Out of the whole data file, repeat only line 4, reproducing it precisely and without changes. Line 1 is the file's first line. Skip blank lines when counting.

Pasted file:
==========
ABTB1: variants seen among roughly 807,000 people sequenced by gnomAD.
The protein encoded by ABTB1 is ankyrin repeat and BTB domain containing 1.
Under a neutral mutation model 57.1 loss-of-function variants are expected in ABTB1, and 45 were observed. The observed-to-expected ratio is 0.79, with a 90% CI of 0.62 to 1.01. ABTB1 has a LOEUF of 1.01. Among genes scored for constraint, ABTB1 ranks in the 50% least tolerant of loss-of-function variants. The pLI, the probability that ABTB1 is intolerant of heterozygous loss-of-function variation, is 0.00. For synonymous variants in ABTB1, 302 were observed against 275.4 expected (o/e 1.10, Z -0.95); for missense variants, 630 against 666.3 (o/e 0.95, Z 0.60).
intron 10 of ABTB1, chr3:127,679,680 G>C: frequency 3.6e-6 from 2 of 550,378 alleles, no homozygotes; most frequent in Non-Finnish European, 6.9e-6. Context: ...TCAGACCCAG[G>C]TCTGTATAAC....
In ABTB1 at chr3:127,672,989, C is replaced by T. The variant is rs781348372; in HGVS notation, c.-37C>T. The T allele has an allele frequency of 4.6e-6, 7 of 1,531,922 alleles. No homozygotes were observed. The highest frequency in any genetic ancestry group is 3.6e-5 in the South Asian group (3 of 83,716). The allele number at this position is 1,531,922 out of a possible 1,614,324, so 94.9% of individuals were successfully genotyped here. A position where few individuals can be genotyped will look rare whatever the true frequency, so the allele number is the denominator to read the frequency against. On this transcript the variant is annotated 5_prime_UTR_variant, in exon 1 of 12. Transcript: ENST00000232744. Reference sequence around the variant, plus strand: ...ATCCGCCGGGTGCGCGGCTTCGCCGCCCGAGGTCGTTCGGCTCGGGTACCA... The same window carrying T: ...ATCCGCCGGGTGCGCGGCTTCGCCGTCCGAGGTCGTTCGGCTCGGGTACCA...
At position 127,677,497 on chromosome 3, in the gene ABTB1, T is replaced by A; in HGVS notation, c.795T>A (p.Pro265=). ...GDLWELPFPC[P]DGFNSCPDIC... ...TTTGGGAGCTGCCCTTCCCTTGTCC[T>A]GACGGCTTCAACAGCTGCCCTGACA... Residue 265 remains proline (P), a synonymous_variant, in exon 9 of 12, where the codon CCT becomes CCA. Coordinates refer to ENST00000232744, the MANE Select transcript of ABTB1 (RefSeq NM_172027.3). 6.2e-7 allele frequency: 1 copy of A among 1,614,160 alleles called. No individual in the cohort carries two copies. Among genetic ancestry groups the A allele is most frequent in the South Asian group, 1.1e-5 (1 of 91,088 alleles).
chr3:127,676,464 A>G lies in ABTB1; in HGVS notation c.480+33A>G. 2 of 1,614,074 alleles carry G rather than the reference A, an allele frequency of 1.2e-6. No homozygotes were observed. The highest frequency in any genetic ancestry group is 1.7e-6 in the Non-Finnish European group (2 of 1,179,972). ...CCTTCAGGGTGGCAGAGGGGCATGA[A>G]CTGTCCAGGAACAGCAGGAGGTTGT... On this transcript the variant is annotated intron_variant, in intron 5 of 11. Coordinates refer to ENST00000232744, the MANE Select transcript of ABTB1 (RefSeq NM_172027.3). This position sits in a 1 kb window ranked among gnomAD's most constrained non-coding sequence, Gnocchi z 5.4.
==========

intron 10 of ABTB1, chr3:127,679,680 G>C: frequency 3.6e-6 from 2 of 550,378 alleles, no homozygotes; most frequent in Non-Finnish European, 6.9e-6. Context: ...TCAGACCCAG[G>C]TCTGTATAAC....